Her road to that philosophy was long, and unlikely. Born in Peoria, Illinois, in 1889, Marjorie Hillis moved with her family to Brooklyn at the age of 10. Her father was head of a prominent church, and her mother was a conventional Victorian wife, who believed that women could only find fulfillment in marriage and family life. When Marjorie, who considered herself "undeniably plain," took a job at Vogue magazine, it was only supposed to last until she married. But she discovered that she loved the work, so when no husband came along, she kept at it. Vogue taught her to value fashion as a source of confidence, and she reminded her readers how hard it was to make a good first impression "in run-down heels and an unbecoming hat." It also taught her that what she valued most in her life was her own independence. In 1929, the year she turned 40, the national crisis of the Wall Street Crash was overshadowed in her own life by the deaths of her parents within a year of each other. Marjorie packed up her family’s suburban home and fled back to the city, to build the life she wanted, by herself.

Courtesy Lilly Library, Indiana University, Bloomington, Indiana

Marjorie Hillis worked between the major feminist "waves," in an era defined more by economic woes rather than gender politics. It was a boom era for self-help, when readers wanted and needed to hear that success was possible, and that they could triumph over the economy’s fearfully stacked odds if they greeted the world with a smile and a positive mental attitude. Live Alone and Like It was unusual in being aimed at women, but it also emphasized the importance of optimism and self-belief. When it sold more than 100,000 copies in its first three months of publication, Marjorie traveled the country preaching her message, and department stores arranged tie-in promotions for all the items — from cocktail shakers to negligées — that the Live-Aloner needed for her glamorous solo existence. Her publishers scrambled to catch up to the fact that a book they had thought of as a fun curiosity was becoming a social movement before their eyes. Its success made single women visible in the culture in a way that they’d never really been before, at least not in a way that was aspirational rather than pitiable.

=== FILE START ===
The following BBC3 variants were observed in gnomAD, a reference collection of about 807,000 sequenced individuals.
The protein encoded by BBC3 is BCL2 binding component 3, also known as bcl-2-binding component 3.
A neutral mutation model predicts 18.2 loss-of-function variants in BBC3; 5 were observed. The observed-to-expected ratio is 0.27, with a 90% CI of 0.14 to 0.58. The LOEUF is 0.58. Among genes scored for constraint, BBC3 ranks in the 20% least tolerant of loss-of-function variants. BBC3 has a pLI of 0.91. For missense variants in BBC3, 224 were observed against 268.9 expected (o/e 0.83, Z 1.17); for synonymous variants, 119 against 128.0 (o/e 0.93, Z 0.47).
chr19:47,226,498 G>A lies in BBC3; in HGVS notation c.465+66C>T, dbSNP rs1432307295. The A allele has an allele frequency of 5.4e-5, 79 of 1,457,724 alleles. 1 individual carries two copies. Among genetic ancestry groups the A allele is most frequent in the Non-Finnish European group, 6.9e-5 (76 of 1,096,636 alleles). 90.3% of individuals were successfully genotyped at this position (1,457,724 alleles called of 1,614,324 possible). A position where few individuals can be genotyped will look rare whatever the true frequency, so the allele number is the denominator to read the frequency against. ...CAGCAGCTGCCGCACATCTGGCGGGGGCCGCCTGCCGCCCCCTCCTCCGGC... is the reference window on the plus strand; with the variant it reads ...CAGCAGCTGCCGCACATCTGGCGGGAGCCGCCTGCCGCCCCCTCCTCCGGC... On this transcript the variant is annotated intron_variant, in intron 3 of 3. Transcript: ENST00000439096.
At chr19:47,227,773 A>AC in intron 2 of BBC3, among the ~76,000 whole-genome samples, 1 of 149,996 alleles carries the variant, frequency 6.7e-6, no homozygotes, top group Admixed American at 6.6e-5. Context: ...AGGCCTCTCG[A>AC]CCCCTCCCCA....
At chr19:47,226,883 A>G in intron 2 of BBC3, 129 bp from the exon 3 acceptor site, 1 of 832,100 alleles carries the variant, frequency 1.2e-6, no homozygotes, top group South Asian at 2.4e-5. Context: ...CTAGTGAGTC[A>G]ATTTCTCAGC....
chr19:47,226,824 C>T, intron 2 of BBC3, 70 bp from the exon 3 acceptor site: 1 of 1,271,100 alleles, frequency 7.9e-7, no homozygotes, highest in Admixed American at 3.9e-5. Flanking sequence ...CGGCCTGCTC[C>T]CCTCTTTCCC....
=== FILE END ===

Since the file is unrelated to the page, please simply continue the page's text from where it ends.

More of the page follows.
Live Alone and Like It was unusual in being aimed at women, but it also emphasized the importance of optimism and self-belief.

Marjorie quickly produced a sequel, Orchids on Your Budget, a guide to frugal yet fashionable living which nevertheless remained far more aspirational than realistic. Next, Corned Beef and Caviar for the Live-Aloner, which she wrote with a Vogue colleague, offered a collection of recipes for the solo hostess. In 1939, she published both a book of poetry about single women in New York, and a guide to the city for Live-Aloners who were visiting the vast World’s Fair. Critics said her books spun a fantasy that only the richest women could achieve, yet the Live-Alone spirit had an impact beyond the women who could afford to emulate its author directly. For all of the department store promotions and energetic marketing, Hillis never suggested that you could simply buy your way to happiness: It was a question of knowing yourself and your values, and choosing accordingly.